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The barn owl: Nature’s Pied Piper

July 1, 1993

The barn owl: Nature’s Pied Piper

By Robert A. Hedeen, Naturalist

The barn owl, or monkey-faced owl, may be called a “flying cat” because of the great numbers of destructive rats, mice and other rodents it eliminates. The face of this predator resembles that of a toothless, hook-nosed, old crone shrouded in a closely fitting hood and imparting a half-sly expression that creates an eerie aura.

Barn owls, our only owl with a heart-shaped face, are found worldwide in temperate and tropical climates; in the new world from southern Canada to Tierra del Fuego. It is a long-legged, knock-kneed bird with a voice that resembles a rasping snore.

The female lays from five to seven eggs that are dull white in color. Both parents help to incubate them, and the male is known to offer tidbits of food to the female while she sits on the eggs.

They prefer hollow trees as a natural nesting site, but barns and other buildings are often utilized if rats and mice are plentiful. Their presence in old, deserted dwellings has given rise to the belief in haunted houses.

Of the approximately 17 different species of owl to be found in the United States, the barn owl is undoubtedly the most beneficial to man. Its favorite food item is rodents, and the number of rats and mice devoured by this bird is astronomical. There is a case on record where a half-grown barn owl was offered all the mice it could eat. The avian glutton quickly gulped down eight grown mice, one after the other, and attempted to swallow a ninth. Nine was too many for him, however, and the unfortunate rodent’s tail dangled from the owl’s mouth for a period of time. In three hours, this same bird was ready to dine again and quickly polished off four more mice.

Though some owls may feed on game birds and poultry from time to time, the barn owl subsists almost entirely on detrimental rodents, especially semi-domestic rats and mice. Some years ago, a biologist examined the bones and other clues from a hollow tree nest of one barn owl over a three-month period. He found that at least 240 animals had been consumed during that period and was able to identify the following numbers and species: 89 field mice, 93 gophers, 27 kangaroo mice, seven moles, four ground squirrels, three rabbits. A positive identification could not be made on the remaining 17 animals whose remains were found in the nest.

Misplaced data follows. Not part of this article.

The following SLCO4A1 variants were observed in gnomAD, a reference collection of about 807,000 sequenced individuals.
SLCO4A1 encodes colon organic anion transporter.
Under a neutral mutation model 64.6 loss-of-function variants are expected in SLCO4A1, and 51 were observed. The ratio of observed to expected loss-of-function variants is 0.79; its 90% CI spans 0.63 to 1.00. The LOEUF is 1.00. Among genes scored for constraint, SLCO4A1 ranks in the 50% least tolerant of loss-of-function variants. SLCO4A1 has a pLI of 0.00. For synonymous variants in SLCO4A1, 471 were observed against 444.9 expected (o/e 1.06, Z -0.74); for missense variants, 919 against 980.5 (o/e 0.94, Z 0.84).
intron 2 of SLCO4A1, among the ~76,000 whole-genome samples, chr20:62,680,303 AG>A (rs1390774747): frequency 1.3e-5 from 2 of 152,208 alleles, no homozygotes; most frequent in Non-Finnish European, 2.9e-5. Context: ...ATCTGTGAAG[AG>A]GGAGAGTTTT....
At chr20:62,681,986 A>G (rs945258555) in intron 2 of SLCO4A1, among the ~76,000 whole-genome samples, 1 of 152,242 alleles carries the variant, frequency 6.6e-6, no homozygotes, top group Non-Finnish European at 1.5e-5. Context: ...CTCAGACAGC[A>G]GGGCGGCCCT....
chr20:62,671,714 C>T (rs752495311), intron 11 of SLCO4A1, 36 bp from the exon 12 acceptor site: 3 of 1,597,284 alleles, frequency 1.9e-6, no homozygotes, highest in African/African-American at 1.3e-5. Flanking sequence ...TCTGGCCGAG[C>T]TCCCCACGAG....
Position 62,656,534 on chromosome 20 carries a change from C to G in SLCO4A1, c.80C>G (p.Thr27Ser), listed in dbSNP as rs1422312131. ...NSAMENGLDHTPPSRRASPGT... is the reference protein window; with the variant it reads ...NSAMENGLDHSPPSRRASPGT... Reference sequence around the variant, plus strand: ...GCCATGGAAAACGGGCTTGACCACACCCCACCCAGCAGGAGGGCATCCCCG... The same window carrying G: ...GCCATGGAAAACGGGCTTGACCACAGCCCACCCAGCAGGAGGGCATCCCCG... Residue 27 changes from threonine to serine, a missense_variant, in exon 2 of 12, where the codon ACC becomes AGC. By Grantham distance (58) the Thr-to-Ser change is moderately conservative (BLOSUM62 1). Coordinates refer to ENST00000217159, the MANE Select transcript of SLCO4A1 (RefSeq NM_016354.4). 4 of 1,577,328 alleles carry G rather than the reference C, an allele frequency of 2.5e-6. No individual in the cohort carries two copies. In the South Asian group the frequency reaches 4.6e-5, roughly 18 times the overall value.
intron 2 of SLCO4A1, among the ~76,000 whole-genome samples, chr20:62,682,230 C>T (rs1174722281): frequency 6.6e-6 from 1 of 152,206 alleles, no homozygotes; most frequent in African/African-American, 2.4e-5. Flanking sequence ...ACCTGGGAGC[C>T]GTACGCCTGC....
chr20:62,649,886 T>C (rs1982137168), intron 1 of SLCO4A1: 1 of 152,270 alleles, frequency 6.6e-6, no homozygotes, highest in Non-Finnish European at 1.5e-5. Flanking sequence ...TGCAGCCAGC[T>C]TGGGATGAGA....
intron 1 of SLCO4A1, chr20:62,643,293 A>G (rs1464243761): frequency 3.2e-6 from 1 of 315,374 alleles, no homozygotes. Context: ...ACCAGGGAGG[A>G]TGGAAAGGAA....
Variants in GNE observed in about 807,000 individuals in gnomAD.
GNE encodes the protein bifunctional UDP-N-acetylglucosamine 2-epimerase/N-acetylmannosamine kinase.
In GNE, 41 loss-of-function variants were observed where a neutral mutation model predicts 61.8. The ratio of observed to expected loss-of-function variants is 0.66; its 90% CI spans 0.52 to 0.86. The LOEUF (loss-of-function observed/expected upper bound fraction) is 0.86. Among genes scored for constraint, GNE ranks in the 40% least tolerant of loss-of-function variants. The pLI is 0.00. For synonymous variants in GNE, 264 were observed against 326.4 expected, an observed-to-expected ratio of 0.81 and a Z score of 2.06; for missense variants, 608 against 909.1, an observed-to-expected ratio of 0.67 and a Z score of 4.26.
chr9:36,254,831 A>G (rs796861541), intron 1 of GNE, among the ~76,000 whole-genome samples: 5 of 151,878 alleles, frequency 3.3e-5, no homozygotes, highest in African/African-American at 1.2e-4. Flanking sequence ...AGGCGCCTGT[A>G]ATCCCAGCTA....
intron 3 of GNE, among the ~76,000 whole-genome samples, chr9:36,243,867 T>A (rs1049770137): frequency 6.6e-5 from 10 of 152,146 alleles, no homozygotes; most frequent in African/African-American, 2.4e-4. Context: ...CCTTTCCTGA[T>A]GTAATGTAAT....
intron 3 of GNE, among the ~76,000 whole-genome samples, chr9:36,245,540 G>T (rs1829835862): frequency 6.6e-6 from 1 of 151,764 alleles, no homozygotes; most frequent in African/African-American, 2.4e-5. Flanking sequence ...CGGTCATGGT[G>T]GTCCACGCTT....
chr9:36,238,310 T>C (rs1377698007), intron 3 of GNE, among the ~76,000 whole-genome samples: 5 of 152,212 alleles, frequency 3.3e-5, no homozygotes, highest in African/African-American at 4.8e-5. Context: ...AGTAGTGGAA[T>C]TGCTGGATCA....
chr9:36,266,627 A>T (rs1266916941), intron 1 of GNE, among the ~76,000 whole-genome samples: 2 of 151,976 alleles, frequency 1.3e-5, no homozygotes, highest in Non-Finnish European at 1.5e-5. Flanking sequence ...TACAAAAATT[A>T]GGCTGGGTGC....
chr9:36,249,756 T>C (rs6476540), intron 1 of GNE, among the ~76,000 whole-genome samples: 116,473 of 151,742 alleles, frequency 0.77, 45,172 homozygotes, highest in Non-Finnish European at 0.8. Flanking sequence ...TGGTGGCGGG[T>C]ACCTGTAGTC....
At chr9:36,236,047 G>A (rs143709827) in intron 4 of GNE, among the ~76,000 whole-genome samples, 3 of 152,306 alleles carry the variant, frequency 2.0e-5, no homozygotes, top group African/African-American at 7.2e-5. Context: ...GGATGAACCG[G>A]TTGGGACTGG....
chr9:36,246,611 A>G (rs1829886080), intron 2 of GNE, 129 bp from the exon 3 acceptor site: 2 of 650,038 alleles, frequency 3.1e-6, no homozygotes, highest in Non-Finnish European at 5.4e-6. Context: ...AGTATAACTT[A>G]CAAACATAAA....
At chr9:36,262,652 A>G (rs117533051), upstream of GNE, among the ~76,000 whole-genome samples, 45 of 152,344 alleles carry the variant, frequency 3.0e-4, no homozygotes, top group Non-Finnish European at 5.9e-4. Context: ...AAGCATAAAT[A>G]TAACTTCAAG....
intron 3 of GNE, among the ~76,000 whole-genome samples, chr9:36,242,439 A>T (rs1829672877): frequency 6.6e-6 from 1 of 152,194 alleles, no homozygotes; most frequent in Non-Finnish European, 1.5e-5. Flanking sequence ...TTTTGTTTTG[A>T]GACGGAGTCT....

There is no question about it—owls in general, and barn owls especially, are much better mousers and ratters than cats. A farmer in north Texas once told me the story of his rat-infested root cellar. A root cellar in that part of Texas is created as a place of refuge during a tornado, but it is also used to store various food items. To rid the root cellar of the destructive rodents, he procured several cats and placed them in the underground storage area in the evening. When he opened the door the next morning, the felines rushed out, hissing and spitting with fear. The cats were clearly outclassed by the rats, and the rats continued to enjoy the farmer’s stored foodstuffs.

Then, upon the advice of an Indian friend, he trapped a barn owl and placed it in the cellar. The next morning, nine partially eaten rats were found, and for several weeks, one or more dead rats was removed daily. The owl, however, literally ate itself out of house and home as the rats became so scarce, the man had to feed the bird raw meat to prevent its starving to death. I asked him if he had fed the owl cat meat, and he refused to answer. With the rat problem solved for the moment, the farmer released the owl into his barn, where he noted it was quite willing to set up housekeeping. When a rodent problem developed in the root cellar again, he merely caught the owl and relocated it where it was needed.

These strange and secretive birds with faces shaped like great white hearts are the basis for many legends and folk stories. Many people fear and scorn them as being harbingers of doom or messengers of death. In truth, the barn owl is one of man’s best friends in the animal kingdom and should always be respected and protected.

Dr. Robert Hedeen is a former resident of Maryland’s eastern shore and resided in the Chicago area from 1960-1971. He is a retired professor emeritus of biological sciences in the University of Maryland system. He has published more than 30 scientific papers, has written numerous magazine articles, and is the author of two books on the natural history of the Chesapeake Bay.

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